For 2022, the market value of the total General Government debt is estimated at €8,421.1 million, compared to the nominal value of €9,003.4 million. While nominal debt increased by €739.5 million, market debt decreased by €734.2 million as a result of high inflation and subsequent interest rate increases (Table 5).

For the year under review, the time structure of the debt by initial maturity shows that €2,828.8 million, or 31.4 per cent, was issued with a maturity of 15 to 30 years. This was followed by debt issued for 1 to 5 years (16.2 per cent), 5 to 7 years (13.9 per cent), 7 to 10 years (13.6 per cent), 10 to 15 years (10.3 per cent), less than 1 year (10.3 per cent) and more than 30 years (4.3 per cent) (Table 6).

The average remaining maturity of total debt for 2022 was 8 years 4 months, 7 months shorter than in 2021 and 2 months shorter than in 2019. In 2022, the biggest share of debt by remaining maturity was in the 1 to 5-year category with €2,271.0 million, followed by the 7 to 10-year (€1,848.5 million) and the less than 1-year (€1,348.9 million) categories (Table 7).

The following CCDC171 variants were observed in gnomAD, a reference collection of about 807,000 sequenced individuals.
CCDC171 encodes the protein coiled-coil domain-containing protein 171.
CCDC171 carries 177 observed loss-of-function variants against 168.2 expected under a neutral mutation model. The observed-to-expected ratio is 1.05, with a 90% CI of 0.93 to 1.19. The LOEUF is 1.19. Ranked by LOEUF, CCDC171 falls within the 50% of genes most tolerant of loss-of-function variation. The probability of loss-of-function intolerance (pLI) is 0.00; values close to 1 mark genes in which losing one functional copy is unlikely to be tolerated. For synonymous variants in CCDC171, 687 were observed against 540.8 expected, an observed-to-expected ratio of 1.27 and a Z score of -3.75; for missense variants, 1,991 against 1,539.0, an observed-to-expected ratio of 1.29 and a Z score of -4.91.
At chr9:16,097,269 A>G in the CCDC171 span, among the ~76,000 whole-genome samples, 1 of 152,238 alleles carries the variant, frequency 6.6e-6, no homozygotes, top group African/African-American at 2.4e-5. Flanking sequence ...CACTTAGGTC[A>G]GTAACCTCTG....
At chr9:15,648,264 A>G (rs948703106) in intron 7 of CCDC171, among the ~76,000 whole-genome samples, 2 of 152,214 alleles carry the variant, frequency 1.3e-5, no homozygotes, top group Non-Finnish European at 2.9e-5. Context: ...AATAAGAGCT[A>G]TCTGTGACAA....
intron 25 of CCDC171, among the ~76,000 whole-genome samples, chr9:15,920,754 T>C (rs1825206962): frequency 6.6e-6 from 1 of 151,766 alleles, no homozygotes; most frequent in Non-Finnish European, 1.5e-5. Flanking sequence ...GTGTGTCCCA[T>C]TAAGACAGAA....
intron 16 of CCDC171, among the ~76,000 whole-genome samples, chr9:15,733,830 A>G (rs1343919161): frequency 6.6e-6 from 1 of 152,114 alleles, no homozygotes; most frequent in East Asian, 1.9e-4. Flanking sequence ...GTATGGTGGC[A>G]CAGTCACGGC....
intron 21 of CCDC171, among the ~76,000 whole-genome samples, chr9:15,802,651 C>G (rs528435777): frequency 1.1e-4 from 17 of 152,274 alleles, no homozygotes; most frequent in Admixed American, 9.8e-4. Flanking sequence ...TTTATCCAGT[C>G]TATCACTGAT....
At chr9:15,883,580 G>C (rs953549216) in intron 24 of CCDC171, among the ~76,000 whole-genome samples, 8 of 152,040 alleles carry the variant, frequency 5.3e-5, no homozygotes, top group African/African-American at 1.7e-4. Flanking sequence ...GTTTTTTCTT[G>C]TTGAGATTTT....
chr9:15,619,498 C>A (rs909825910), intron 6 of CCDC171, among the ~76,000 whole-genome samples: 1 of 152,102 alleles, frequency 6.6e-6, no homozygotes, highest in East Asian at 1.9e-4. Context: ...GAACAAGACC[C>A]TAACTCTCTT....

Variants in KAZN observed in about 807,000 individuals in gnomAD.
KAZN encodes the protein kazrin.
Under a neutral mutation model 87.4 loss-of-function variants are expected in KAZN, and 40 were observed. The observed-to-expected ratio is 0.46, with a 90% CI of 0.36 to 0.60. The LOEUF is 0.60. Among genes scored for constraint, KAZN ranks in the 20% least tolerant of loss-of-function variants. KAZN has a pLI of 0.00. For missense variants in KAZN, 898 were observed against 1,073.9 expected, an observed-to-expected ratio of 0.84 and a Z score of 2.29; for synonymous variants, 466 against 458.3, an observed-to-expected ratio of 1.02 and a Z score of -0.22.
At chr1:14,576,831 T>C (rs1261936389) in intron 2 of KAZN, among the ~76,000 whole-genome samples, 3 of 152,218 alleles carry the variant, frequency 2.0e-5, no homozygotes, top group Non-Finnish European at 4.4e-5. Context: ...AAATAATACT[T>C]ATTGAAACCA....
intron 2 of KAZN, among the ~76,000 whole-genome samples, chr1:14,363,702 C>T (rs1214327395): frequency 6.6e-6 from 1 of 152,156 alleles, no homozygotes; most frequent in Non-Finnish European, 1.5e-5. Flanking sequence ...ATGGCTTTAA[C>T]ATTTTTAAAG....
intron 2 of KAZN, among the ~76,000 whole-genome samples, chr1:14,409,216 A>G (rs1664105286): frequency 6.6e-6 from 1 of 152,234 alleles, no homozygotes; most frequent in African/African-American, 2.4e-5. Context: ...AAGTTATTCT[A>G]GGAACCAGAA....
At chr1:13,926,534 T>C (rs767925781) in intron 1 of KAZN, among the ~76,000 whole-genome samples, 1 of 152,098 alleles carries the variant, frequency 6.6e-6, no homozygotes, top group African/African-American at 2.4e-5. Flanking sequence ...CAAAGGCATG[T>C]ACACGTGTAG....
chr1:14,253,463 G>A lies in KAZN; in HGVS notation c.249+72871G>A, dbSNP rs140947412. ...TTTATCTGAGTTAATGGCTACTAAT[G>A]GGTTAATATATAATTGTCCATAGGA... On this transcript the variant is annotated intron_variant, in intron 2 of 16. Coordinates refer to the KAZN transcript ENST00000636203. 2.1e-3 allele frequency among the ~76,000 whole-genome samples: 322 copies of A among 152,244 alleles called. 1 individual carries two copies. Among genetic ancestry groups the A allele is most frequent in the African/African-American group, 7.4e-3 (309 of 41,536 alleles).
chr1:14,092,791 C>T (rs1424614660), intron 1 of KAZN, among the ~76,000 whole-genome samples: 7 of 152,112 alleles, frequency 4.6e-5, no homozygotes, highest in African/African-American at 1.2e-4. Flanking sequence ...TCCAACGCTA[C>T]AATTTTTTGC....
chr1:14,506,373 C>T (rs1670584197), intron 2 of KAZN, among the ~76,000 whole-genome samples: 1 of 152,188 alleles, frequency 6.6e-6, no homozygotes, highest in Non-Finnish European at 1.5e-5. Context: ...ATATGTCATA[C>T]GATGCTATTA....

Chart 5. Debt by initial and remaining maturity

€ millions

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Government guarantees on borrowing amounted to €1,160.1 million in 2022, or 6.9 per cent of GDP, a decrease of €50.1 million over 2021. The majority of Government guarantees are issued towards the Non-Financial Corporations sector, which accounts for 61.8 per cent of the total guarantees. The Financial Corporations, Rest of the World and NPISH sectors benefitted from 34.4, 3.0 and 0.7 per cent of Government guarantees, respectively. The Government guarantees are contingent liabilities, contingent on the actual call of the guarantee, and therefore these do not form part of General Government debt (Table 8).

The General Government debt data reported in this release are consistent with the April 2023 EDP notification as published in news release 067/2023 dated April 21.

Chart 6. Government Guarantees beneficiaries by Institutional Sector